MMaking healthy choices doesn’t always have to feel like a chore. Example: One of the best things you can do for your bones is get out a ball and play one of your favorite old schoolyard games, according to a recent study.
Of course, maintaining strong bones is an essential part of healthy aging. As we age, our bones begin break more bones than they build, which causes them to lose density and strength. Over time, if we don’t support our bone health with regular physical activity and nutritious dietwe can develop osteoporosis, a disease characterized by weak and brittle bones and increased risk of fracture.
Osteoporosis is considered a “silent disease” since most people don’t realize they have it until they break a bone. Yet it affects about 10 million Americans. What else, about half of all women will break a bone at some point in their life due to osteoporosis.
Luckily, taking care of your bones can be fun. A recent study from Indiana University, published in the American College of Sports Medicine’s Sport and exercise medicine and sciencefound that young women who participate in multi-directional sports (eg, football, basketball, volleyball) can develop stronger, healthier bones and end up being less prone to bone injuries as they age. they age, compared to those who do not practice these types of sport.
Why exercise strengthens bones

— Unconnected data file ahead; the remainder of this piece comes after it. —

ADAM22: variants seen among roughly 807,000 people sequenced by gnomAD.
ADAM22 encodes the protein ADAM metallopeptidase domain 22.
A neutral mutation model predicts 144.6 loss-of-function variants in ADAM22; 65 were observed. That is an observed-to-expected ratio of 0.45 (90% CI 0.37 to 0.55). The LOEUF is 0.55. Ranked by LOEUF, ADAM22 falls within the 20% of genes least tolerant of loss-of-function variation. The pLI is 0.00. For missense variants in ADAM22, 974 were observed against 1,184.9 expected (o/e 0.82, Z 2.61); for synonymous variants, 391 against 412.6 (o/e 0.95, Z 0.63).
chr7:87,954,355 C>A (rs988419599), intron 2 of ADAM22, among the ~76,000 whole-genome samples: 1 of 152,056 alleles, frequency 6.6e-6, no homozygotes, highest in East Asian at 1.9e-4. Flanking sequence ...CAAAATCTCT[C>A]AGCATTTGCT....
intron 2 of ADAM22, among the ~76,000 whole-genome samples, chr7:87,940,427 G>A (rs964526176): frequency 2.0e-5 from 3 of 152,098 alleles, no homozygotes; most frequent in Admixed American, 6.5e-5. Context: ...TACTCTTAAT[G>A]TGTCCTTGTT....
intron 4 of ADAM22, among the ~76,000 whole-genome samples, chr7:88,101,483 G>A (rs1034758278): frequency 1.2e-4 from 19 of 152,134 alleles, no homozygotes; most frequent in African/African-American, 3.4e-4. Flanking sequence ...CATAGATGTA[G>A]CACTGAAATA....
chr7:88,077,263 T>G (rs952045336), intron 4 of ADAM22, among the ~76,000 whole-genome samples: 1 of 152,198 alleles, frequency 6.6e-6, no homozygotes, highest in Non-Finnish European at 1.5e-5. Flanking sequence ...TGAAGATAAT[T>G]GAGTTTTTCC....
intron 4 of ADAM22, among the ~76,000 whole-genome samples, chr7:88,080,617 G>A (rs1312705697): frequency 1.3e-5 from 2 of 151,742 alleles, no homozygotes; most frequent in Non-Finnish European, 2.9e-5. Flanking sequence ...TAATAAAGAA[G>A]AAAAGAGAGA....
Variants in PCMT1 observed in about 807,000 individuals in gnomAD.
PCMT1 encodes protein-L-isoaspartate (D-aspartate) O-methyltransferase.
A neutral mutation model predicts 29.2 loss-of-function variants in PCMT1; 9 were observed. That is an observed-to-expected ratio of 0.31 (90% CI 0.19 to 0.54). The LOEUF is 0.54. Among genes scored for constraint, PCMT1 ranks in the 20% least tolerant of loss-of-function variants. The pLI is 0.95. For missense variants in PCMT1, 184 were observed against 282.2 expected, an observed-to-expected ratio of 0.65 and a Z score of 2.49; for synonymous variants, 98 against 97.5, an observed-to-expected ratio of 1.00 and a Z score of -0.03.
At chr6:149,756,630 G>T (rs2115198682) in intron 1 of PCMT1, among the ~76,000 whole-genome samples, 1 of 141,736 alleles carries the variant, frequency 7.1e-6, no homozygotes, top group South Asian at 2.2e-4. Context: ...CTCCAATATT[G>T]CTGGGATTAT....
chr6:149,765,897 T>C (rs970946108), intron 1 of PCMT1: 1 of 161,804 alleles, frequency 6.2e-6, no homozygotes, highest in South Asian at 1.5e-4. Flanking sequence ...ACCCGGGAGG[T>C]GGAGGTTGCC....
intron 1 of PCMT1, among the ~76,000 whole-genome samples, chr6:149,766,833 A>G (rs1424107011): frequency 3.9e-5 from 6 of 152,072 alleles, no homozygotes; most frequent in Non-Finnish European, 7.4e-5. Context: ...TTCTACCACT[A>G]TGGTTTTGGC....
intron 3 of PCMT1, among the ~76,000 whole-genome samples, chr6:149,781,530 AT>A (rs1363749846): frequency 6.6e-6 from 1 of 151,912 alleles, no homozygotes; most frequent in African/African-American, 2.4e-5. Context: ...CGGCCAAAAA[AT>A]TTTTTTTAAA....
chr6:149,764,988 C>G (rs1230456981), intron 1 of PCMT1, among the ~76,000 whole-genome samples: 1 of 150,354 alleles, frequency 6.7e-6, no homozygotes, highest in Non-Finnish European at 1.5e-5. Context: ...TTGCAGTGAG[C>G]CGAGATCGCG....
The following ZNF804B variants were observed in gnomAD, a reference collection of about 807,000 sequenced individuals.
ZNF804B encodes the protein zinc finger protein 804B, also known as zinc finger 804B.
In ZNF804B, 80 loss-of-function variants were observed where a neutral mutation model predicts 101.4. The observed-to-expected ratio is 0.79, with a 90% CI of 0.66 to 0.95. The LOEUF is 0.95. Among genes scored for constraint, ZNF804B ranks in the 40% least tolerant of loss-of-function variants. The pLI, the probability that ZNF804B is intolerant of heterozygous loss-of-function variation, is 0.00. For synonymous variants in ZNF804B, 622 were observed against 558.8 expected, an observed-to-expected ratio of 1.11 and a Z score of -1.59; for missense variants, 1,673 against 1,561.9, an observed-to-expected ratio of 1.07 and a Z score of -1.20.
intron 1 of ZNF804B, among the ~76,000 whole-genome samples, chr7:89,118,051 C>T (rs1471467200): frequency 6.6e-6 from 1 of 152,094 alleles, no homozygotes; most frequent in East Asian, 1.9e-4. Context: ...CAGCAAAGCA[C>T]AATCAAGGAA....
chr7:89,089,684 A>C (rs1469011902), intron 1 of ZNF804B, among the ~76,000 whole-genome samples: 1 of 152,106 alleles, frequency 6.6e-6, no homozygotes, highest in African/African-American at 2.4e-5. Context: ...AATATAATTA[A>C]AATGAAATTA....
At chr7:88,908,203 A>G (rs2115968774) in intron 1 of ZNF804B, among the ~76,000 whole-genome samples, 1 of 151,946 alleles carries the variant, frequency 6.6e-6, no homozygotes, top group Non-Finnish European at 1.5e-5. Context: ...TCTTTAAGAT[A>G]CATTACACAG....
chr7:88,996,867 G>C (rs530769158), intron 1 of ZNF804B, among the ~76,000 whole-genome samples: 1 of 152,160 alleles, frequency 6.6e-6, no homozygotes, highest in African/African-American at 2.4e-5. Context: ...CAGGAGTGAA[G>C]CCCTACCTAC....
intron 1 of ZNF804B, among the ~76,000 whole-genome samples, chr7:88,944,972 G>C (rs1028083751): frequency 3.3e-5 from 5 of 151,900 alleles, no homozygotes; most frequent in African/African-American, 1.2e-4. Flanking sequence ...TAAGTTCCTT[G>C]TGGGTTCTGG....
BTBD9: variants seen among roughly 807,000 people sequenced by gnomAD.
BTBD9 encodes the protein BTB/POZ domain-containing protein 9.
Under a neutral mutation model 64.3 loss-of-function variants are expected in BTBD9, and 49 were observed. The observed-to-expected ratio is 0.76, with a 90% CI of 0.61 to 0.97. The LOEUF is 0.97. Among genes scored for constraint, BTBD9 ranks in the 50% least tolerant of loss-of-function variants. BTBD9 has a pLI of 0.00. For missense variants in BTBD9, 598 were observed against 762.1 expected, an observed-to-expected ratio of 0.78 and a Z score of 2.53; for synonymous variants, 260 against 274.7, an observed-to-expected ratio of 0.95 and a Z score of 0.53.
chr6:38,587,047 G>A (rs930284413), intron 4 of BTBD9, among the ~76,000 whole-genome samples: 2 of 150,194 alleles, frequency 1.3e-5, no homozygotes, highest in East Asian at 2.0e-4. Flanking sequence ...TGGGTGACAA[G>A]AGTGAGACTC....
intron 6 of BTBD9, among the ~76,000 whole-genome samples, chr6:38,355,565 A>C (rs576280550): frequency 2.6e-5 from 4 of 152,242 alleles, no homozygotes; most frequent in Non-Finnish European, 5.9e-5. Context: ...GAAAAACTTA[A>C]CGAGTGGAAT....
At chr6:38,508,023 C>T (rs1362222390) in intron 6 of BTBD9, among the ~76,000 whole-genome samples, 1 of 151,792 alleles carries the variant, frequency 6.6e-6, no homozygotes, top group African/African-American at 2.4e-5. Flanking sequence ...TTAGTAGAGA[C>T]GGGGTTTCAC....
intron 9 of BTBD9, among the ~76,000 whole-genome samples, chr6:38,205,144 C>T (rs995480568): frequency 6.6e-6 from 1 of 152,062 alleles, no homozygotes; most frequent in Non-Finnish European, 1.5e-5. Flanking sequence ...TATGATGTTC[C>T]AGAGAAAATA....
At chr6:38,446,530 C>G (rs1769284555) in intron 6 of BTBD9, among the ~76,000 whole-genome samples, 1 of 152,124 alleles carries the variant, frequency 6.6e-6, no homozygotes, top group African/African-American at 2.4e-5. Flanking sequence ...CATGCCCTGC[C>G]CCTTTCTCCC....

In the study, researchers used high-resolution imaging to examine the bones of the shins and feet of female collegiate cross-country runners (who frequently experience stress fractures). They found that playing “multi-directional” sports is better for young athletes’ bone health (and helps prevent bone injuries as they age) than running alone. Young women who participated in running and multi-directional sports when they were younger had 10-20% greater bone strength than those who only ran.
According to the researchers, this is because loading your bones in different directions activates bone cells, causing adaptations in different directions and allowing you to develop a more robust skeleton.
Although our bones are always redone, with new bone forming and old bone breaking down, bone mass typically peaks in our mid to late 20s, so we need to take advantage of those early years when new bone formation outpaces breakdown. “It is imperative to optimize their bone health, hence multi-directional sports, as young as possible,” explains Maria Kyriacou, MD, primary care physician in sports medicine at Baptist Health Orthopedic Care in Miami.
You can strengthen your bones at any age
Although this study focused on adolescents, the benefits of playing sports on bone health are not exclusive to adolescents. Running and jumping after a ball can also increase bone strength in adults, even after menopause. “Playing multidirectional sports can help counteract bone mineral density losses in postmenopausal women,” Kyriacou says. Activities like kicking a soccer ball, playing tennis, or playing Frisbee can all be good for your bones.
Plus, weight-bearing activities are also great for bone strength at any age. If your favorite activity is something that isn’t weight-bearing, like swimming or biking, try incorporating weekly cross-training with multi-directional movements to challenge your bones, Kyriacou recommends. “Exercises include jumping jacks, weighted lunges, squats, deadlifts, and push-and-pull exercises,” she says. “These will load up your lumbar spine and hips.”
If you are worried about increasing your risk of acute injury from playing a contact sport like basketball, talk to your doctor. Go slow to start. And then unleash your inner child to enjoy the thrill of healthy (and bone-strengthening) competition.